Researchers have discovered a key molecular pathway that aids in the renewal of taste buds, a finding that may help cancer patients suffering from an altered sense of taste during treatment. The study was published in the journal PLOS Genetics.
Cancer patients, including those with colon and head and neck cancer, often experience significant alteration of their sense of taste during treatment with chemotherapy or radiation. Food may have no taste, a metallic taste or taste so bad that it's impossible to swallow. Understanding how taste cells renew throughout adult life and how new cells replace old cells as they die is essential in finding potential therapies to improve taste sensitivity in those patients impacted.
Using mouse models, the researchers discovered that a protein in the Wnt pathway, called ß-catenin, controls the renewal of taste cells by regulating separate stages of taste cell turnover. The protein is crucial in developing taste buds in embryos and is a regulator of the renewal of epithelial tissue in adults including skin, hair follicles, intestine and the inside of the mouth.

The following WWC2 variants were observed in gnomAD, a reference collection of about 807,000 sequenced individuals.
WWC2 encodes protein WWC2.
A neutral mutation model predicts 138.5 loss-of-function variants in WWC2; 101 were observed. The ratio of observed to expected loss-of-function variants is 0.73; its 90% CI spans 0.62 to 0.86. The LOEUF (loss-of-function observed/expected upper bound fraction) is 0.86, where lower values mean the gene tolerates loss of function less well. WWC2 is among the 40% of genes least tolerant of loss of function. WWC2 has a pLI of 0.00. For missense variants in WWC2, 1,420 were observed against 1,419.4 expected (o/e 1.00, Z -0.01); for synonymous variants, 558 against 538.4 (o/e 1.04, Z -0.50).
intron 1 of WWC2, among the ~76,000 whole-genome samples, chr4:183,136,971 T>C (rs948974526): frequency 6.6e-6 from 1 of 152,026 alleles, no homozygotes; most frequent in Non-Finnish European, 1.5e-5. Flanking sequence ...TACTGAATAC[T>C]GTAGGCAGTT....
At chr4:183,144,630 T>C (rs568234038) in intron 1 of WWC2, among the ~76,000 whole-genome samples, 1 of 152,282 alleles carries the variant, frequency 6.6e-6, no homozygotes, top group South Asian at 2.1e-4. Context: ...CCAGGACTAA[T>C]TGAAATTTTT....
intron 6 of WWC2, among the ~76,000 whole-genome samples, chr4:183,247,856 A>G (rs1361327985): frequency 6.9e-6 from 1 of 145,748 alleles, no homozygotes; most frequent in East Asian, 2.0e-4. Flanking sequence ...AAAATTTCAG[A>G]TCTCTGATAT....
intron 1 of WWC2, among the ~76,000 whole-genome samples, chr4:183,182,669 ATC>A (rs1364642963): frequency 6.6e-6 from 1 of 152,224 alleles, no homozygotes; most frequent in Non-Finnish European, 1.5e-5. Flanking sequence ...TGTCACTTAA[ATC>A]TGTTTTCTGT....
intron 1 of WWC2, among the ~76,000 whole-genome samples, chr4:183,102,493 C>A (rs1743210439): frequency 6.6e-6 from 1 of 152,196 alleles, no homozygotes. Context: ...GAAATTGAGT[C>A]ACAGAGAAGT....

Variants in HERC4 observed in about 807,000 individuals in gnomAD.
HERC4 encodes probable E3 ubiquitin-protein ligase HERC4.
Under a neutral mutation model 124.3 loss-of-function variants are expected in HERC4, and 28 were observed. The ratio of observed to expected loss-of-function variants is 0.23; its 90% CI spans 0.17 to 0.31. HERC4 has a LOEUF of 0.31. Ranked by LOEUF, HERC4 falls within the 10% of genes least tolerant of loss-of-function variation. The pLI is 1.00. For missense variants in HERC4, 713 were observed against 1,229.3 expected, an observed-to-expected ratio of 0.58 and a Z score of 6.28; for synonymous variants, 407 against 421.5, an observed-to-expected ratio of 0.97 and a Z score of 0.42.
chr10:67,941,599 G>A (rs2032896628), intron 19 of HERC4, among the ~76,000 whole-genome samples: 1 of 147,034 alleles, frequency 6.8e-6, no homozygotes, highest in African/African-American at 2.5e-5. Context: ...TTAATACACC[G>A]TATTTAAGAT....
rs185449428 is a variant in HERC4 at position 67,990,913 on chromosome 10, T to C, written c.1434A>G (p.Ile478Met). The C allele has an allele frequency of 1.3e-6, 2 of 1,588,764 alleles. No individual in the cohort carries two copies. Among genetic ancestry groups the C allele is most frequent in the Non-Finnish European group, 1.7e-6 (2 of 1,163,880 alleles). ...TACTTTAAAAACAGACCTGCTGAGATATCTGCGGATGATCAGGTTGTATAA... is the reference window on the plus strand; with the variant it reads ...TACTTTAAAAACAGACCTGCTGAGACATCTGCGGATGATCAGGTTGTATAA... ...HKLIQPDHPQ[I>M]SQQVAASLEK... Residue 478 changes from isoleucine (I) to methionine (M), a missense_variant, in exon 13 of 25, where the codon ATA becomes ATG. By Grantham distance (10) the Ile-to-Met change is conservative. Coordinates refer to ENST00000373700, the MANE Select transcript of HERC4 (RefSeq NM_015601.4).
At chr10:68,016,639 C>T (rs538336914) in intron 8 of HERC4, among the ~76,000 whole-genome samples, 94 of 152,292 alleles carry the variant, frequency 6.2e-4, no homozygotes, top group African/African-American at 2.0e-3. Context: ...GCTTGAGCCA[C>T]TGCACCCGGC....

As chemotherapy in general destroys dividing precursor cells including those that produce taste cells, activating Wnt signaling may be a way to renew taste buds after chemotherapy. This approach could form the basis for developing "complementary treatment to help restore normal taste function to avoid malnutrition and psychological distress for these patients," the study said.
New small molecule drugs are being developed that specifically block the Wnt pathway and may be effective for some tumor types, but they could also cause taste dysfunction. There is still a lot to learn about how taste is altered at the cellular level.
Based on material originally posted by University of Colorado Denver.